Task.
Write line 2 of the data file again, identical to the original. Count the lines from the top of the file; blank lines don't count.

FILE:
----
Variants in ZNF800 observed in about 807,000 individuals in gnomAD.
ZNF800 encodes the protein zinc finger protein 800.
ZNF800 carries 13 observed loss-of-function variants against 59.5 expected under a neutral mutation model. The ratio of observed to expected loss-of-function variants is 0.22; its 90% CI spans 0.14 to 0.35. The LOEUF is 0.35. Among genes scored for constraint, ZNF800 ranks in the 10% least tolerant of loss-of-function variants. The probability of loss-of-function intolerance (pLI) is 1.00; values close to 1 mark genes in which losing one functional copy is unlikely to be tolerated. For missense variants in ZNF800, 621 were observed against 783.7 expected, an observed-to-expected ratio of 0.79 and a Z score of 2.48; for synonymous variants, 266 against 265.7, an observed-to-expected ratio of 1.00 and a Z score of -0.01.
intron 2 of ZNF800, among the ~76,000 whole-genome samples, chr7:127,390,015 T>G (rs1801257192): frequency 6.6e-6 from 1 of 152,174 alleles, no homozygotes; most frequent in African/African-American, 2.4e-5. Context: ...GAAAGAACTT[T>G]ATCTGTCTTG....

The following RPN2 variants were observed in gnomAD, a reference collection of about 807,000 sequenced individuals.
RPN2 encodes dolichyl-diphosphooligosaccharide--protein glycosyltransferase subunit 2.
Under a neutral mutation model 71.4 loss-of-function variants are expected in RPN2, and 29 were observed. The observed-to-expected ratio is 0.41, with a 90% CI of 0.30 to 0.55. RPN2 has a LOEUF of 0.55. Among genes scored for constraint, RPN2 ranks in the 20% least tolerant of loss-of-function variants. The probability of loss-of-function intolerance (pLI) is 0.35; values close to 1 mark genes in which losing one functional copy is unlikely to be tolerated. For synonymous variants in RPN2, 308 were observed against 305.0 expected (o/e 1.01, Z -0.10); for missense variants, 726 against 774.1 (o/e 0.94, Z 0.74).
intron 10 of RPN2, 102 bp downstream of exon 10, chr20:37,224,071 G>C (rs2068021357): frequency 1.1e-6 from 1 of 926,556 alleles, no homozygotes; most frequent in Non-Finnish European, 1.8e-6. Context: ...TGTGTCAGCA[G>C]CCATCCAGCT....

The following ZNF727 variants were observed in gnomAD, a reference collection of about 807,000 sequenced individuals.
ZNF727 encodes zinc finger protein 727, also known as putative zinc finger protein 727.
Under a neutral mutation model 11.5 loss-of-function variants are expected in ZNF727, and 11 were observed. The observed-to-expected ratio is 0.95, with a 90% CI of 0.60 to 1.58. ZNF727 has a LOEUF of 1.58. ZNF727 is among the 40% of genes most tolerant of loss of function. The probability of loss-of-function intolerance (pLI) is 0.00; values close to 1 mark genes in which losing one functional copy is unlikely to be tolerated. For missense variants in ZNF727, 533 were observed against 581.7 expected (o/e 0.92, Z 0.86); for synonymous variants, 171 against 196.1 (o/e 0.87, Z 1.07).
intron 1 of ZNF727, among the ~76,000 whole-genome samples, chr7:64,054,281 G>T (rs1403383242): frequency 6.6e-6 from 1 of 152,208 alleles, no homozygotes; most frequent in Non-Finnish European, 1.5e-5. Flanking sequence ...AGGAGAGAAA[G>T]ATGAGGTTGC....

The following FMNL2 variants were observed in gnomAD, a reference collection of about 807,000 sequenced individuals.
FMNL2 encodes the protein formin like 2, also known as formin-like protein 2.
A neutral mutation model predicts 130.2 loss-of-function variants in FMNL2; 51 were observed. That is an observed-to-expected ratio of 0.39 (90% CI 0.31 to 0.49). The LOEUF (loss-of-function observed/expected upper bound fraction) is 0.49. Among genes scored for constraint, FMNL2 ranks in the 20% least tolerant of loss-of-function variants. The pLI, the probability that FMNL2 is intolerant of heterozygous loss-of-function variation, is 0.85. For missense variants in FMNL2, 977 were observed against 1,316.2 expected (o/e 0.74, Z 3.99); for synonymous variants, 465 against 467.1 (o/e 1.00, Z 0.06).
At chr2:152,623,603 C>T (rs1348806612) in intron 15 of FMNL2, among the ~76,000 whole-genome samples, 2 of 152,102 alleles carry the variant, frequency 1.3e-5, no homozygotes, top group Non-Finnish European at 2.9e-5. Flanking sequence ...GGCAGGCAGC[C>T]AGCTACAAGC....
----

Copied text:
ZNF800 encodes the protein zinc finger protein 800.